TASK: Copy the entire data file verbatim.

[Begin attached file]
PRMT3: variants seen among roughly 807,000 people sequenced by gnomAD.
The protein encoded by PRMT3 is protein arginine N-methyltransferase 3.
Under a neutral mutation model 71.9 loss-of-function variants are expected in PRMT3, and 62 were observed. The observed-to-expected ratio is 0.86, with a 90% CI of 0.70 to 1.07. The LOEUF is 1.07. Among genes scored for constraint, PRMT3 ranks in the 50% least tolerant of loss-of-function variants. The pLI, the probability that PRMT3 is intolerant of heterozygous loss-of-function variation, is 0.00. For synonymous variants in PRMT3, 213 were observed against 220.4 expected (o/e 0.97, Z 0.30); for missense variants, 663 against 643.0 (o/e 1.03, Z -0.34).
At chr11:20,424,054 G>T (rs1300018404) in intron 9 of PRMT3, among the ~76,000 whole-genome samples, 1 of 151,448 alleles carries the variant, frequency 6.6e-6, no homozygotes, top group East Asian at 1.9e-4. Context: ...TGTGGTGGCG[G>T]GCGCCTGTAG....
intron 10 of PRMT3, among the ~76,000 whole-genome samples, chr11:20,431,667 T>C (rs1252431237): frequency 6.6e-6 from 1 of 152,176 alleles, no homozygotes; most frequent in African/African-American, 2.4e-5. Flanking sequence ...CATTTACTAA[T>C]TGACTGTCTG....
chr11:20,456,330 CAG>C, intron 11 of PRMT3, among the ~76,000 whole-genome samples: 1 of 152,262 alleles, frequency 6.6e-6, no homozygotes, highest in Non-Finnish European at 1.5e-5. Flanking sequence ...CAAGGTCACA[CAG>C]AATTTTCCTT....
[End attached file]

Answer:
PRMT3: variants seen among roughly 807,000 people sequenced by gnomAD.
The protein encoded by PRMT3 is protein arginine N-methyltransferase 3.
Under a neutral mutation model 71.9 loss-of-function variants are expected in PRMT3, and 62 were observed. The observed-to-expected ratio is 0.86, with a 90% CI of 0.70 to 1.07. The LOEUF is 1.07. Among genes scored for constraint, PRMT3 ranks in the 50% least tolerant of loss-of-function variants. The pLI, the probability that PRMT3 is intolerant of heterozygous loss-of-function variation, is 0.00. For synonymous variants in PRMT3, 213 were observed against 220.4 expected (o/e 0.97, Z 0.30); for missense variants, 663 against 643.0 (o/e 1.03, Z -0.34).
At chr11:20,424,054 G>T (rs1300018404) in intron 9 of PRMT3, among the ~76,000 whole-genome samples, 1 of 151,448 alleles carries the variant, frequency 6.6e-6, no homozygotes, top group East Asian at 1.9e-4. Context: ...TGTGGTGGCG[G>T]GCGCCTGTAG....
intron 10 of PRMT3, among the ~76,000 whole-genome samples, chr11:20,431,667 T>C (rs1252431237): frequency 6.6e-6 from 1 of 152,176 alleles, no homozygotes; most frequent in African/African-American, 2.4e-5. Flanking sequence ...CATTTACTAA[T>C]TGACTGTCTG....
chr11:20,456,330 CAG>C, intron 11 of PRMT3, among the ~76,000 whole-genome samples: 1 of 152,262 alleles, frequency 6.6e-6, no homozygotes, highest in Non-Finnish European at 1.5e-5. Flanking sequence ...CAAGGTCACA[CAG>C]AATTTTCCTT....